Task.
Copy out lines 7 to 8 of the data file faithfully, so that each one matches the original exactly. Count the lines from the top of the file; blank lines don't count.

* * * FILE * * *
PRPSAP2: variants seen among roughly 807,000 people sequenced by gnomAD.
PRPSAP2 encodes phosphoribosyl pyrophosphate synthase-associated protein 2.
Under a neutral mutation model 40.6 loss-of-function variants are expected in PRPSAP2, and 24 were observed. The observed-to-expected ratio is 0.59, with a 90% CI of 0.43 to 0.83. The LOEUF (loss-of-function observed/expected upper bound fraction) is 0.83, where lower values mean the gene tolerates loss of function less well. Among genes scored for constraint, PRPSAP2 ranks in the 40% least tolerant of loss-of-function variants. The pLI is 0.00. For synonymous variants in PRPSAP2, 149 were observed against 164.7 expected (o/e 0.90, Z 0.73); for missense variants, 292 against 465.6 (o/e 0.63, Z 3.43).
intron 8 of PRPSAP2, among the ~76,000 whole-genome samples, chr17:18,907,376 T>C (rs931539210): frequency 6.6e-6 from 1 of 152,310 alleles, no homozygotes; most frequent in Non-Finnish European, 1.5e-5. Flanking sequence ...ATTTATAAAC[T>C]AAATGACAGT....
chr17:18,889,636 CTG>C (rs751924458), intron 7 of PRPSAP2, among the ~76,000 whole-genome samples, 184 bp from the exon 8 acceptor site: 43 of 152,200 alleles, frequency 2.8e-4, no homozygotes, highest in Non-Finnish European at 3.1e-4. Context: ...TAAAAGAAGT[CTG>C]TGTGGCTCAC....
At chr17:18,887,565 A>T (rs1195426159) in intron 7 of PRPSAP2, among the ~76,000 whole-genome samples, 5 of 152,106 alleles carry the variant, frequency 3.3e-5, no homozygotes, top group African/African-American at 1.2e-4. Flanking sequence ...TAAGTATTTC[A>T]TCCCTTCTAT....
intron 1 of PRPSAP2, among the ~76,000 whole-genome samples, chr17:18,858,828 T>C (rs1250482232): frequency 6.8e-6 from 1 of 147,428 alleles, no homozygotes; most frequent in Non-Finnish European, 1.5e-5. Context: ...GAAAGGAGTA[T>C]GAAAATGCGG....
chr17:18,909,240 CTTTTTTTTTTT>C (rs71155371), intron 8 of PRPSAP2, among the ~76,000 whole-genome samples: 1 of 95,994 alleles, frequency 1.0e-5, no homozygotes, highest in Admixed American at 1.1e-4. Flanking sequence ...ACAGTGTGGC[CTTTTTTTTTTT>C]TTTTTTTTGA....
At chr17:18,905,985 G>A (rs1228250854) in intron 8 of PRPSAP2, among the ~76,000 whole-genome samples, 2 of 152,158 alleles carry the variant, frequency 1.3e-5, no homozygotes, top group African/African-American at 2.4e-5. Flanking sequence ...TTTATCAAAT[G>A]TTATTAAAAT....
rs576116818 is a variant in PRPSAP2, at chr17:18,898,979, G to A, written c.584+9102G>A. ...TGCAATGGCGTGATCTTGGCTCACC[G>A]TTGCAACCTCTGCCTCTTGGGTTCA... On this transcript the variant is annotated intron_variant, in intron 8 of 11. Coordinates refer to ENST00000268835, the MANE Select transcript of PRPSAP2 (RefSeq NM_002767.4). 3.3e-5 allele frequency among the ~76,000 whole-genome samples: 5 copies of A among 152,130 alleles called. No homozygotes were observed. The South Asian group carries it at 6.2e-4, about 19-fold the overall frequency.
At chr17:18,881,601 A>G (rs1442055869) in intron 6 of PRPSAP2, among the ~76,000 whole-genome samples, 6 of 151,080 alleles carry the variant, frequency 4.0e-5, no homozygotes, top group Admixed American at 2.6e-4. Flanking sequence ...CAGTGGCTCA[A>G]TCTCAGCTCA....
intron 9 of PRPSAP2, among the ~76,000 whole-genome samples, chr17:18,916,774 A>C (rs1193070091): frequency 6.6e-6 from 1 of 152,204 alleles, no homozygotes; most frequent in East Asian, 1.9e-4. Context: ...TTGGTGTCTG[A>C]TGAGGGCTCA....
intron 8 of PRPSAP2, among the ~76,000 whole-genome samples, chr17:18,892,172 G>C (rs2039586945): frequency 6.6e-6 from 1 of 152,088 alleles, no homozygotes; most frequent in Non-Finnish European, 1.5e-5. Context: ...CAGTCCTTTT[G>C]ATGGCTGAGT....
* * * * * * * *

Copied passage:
intron 1 of PRPSAP2, among the ~76,000 whole-genome samples, chr17:18,858,828 T>C (rs1250482232): frequency 6.8e-6 from 1 of 147,428 alleles, no homozygotes; most frequent in Non-Finnish European, 1.5e-5. Context: ...GAAAGGAGTA[T>C]GAAAATGCGG....
chr17:18,909,240 CTTTTTTTTTTT>C (rs71155371), intron 8 of PRPSAP2, among the ~76,000 whole-genome samples: 1 of 95,994 alleles, frequency 1.0e-5, no homozygotes, highest in Admixed American at 1.1e-4. Flanking sequence ...ACAGTGTGGC[CTTTTTTTTTTT>C]TTTTTTTTGA....